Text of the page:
IN THE MOOD FOR READING AND WRITING…

Facebook – General

My Chandler’s Ford Today post this week will be an overview of the recent Hiltingbury Extravaganza. It was my first experience of being “behind” a stall too and I’m glad to say all the writers at the HE sold books and spread the word about creative writing, the Hampshire Writers’ Society and so on. More details tomorrow.

What is the important thing about writing? That it encourages reading, I think. Reading widely and well, whether it is non-fiction or fiction, encourages the development of a wider vocabulary and can help develop empathy (as you root for specific characters), It also sets the imagination free to explore worlds you would never visit (especially if you read sci-fi or fantasy!), or to explore ideas new to you.

And there’s always the joy of trying to work out who the killer in a crime novel is long before getting to the end of the said book! I can sometimes guess this correctly, other times the author keeps me on the hop, and occasionally I name the killer but fail to spot the real motive behind the crime. Reading crime novels can be like puzzle solving.

So whatever you read I hope you enjoy it and find more books to relish. I always feel sad when people say they don’t have time to read. That tells me someone is not taking time out to feed their minds with literature. It also tells me they are missing out on a great deal too!

 

More of the books

At the Hiltingbury Extravaganza.  Image by Allison Symes.  (The weather certainly wasn’t extravagant!)

 

The writers' book stand

The books here range from my flash fiction to YA fantasy/time travel and short story collections.  Image by Allison Symes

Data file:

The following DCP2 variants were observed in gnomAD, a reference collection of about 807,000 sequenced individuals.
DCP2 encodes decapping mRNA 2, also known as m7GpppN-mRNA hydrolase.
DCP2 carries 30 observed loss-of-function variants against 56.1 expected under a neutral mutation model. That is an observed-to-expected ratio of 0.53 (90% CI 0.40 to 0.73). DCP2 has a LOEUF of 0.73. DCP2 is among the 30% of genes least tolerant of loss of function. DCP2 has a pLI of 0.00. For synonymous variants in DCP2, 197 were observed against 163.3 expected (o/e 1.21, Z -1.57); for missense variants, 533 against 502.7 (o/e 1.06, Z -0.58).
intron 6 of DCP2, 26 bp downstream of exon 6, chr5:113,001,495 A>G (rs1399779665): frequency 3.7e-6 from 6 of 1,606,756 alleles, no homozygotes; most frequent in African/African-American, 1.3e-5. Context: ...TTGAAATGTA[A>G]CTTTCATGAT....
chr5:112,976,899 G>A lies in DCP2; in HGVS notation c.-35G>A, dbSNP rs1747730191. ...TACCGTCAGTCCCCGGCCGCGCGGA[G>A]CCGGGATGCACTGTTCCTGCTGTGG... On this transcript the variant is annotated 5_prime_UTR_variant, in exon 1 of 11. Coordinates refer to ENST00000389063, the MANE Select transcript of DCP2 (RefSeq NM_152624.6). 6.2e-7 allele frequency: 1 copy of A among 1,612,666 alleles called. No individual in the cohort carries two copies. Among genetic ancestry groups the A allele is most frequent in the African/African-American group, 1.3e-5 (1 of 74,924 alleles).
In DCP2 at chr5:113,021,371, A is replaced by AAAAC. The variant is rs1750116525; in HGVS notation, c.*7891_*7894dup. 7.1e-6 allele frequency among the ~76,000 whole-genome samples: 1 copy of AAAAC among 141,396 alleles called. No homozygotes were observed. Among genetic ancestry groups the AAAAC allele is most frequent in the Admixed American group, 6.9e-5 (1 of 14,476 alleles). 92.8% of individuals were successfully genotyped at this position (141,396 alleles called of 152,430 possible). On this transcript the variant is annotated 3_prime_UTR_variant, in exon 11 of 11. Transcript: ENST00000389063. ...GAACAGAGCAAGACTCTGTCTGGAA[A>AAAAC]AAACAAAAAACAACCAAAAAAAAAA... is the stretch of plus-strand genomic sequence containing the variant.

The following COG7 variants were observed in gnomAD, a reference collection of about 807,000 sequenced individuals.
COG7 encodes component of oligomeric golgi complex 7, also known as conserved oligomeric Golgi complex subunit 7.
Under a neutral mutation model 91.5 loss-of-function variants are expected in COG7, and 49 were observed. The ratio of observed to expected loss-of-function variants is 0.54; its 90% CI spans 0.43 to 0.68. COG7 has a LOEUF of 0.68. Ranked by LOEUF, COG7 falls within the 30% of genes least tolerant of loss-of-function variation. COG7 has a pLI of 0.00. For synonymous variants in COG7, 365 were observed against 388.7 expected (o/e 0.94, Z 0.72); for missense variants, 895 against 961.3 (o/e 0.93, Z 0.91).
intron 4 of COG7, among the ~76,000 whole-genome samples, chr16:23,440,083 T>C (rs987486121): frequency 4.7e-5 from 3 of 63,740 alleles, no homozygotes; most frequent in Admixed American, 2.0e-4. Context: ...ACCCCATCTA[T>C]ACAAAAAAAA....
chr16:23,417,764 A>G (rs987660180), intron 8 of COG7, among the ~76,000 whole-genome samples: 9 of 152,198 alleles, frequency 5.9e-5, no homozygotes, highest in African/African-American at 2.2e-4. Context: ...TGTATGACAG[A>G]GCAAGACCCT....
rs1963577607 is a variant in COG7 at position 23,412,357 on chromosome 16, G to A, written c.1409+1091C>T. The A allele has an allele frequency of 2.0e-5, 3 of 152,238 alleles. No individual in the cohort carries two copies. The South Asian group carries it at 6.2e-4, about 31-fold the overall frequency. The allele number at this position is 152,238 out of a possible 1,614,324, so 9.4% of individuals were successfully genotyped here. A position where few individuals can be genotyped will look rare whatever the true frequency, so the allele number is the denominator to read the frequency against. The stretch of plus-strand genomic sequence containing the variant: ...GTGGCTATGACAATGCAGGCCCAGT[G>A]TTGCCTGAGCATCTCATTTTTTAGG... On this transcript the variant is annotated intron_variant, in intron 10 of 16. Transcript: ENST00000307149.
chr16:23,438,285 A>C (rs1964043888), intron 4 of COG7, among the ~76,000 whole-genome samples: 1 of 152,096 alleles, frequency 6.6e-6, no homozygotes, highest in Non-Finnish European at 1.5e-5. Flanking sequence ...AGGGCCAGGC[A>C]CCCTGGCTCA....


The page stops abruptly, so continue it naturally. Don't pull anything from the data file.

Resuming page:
Barbara hard at work spreading the word about books and ours especially

And romantic comedy is represented here.  Image by Allison Symes

 

Facebook – From Light to Dark and Back Again

Do I find it easier to write the funny or darker flash fiction tales?

Difficult to tell as both humorous and more sombre writing come naturally to me but if I have the character in my head and a rough idea of where I want to finish the story, then away I go.

Also, a lot depends on mood. On a day when nothing seems to go right, it can be more of an effort to write anything remotely funny! On days like that though if I want to write about an irritated character, that comes very easily indeed. I don’t even have to put myself in the character’s head for that one!

Writing can sometimes be likened to method acting when you are trying to work out motivations. Being irritated yourself and then writing about an irritated character, well there’s no pretending required. You know something of what would lead that character to feeling uppity so can write with ease about it. I’ve found it’s one of the few good things about being edgy – if you need to write edgy, it will be easy and it can get a lot of that edginess out of your system writing it out of yourself and into a character instead!

The downside? Writing about a real monster of a character and people wondering what inspired you to write that! (Don’t tell them or come out with a really good story like Mary Shelley did and blame it on a dream!). Happy writing!

 

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Dark or funny stories?  Which are easiest to write?  Image via Pixabay

 

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